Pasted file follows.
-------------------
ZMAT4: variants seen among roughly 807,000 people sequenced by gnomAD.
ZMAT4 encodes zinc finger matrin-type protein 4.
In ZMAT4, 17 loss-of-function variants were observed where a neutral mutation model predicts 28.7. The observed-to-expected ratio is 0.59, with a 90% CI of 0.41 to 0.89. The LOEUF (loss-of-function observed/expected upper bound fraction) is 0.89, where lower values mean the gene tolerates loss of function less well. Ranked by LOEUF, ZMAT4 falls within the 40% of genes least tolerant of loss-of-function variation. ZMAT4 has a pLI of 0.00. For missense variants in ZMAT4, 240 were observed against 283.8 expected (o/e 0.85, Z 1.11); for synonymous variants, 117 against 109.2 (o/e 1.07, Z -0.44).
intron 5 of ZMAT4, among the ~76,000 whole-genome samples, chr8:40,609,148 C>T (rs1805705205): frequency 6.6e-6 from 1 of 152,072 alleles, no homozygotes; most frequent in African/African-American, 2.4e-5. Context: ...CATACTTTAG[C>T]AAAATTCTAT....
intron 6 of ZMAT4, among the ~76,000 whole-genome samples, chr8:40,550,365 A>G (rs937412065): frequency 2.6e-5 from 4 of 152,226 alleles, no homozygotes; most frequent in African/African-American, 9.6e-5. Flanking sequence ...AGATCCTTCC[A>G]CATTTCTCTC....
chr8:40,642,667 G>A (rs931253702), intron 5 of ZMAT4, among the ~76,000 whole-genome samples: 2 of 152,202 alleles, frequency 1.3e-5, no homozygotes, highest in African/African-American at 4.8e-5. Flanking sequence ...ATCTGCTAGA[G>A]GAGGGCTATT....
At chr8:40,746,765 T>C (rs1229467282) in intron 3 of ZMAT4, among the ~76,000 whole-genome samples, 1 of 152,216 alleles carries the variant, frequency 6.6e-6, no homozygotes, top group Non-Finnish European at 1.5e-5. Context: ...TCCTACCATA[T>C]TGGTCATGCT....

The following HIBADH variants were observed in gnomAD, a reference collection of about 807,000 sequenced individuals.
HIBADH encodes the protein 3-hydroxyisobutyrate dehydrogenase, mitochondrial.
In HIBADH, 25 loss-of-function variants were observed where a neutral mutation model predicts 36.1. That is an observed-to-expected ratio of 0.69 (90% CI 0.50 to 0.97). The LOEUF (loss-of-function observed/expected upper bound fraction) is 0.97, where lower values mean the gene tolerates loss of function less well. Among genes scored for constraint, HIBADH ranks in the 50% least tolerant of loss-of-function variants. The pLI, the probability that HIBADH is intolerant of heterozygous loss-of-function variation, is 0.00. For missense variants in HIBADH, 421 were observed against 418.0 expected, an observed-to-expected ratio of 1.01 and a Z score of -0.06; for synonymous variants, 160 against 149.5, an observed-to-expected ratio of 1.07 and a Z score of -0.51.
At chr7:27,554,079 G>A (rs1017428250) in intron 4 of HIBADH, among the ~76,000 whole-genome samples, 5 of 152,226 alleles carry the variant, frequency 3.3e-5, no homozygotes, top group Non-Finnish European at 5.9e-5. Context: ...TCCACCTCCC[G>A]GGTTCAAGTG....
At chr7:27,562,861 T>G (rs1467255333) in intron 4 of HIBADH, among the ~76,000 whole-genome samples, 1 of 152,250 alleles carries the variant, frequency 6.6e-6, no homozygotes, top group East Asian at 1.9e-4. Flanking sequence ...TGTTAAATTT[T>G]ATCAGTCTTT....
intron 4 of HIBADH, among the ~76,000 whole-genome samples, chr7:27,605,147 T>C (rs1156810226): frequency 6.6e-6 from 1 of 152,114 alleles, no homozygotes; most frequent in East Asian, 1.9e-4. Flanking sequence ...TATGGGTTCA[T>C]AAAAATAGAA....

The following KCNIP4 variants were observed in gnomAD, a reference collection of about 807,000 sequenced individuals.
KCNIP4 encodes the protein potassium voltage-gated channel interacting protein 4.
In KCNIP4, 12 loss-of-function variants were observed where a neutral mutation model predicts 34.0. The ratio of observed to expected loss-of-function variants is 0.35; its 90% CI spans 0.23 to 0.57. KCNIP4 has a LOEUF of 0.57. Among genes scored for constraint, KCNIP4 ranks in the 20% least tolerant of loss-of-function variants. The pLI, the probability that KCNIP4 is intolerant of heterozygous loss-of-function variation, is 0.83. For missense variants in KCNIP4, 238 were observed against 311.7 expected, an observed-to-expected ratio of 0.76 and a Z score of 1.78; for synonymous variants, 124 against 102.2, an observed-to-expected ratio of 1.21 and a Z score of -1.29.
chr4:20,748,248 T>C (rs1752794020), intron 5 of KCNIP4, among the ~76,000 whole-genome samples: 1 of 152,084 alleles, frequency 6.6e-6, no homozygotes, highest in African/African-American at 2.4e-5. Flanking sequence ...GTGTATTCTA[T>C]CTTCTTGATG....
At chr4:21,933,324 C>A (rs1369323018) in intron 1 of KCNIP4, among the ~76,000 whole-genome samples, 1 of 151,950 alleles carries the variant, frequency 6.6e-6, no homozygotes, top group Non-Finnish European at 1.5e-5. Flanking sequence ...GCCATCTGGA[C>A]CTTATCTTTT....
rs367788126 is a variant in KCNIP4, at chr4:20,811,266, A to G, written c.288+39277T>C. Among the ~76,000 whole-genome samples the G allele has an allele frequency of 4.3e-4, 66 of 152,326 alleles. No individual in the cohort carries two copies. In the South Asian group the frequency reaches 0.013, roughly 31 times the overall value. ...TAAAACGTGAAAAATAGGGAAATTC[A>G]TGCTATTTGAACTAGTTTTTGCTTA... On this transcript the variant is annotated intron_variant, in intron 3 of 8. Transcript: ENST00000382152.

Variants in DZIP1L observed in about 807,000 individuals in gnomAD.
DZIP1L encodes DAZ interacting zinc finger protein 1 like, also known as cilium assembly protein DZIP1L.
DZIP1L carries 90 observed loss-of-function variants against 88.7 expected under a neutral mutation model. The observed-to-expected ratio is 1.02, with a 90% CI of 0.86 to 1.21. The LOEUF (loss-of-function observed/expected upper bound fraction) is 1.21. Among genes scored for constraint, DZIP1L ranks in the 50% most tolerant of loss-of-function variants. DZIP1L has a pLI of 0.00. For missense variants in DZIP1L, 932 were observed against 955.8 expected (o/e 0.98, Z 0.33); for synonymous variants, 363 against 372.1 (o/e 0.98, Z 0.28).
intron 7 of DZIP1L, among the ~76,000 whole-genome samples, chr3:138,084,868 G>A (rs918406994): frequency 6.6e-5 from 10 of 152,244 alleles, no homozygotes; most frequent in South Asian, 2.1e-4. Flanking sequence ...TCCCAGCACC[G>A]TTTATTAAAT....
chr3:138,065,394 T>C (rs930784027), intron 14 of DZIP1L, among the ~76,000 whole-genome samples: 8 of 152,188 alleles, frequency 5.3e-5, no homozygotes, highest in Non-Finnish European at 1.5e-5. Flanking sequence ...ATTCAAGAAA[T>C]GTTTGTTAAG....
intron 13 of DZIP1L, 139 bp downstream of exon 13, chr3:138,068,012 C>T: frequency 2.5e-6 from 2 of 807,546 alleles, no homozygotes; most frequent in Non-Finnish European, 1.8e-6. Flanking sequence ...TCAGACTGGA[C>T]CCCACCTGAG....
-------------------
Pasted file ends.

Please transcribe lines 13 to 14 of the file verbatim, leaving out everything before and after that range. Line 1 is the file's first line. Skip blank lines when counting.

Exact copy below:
intron 4 of HIBADH, among the ~76,000 whole-genome samples, chr7:27,605,147 T>C (rs1156810226): frequency 6.6e-6 from 1 of 152,114 alleles, no homozygotes; most frequent in East Asian, 1.9e-4. Flanking sequence ...TATGGGTTCA[T>C]AAAAATAGAA....

The following KCNIP4 variants were observed in gnomAD, a reference collection of about 807,000 sequenced individuals.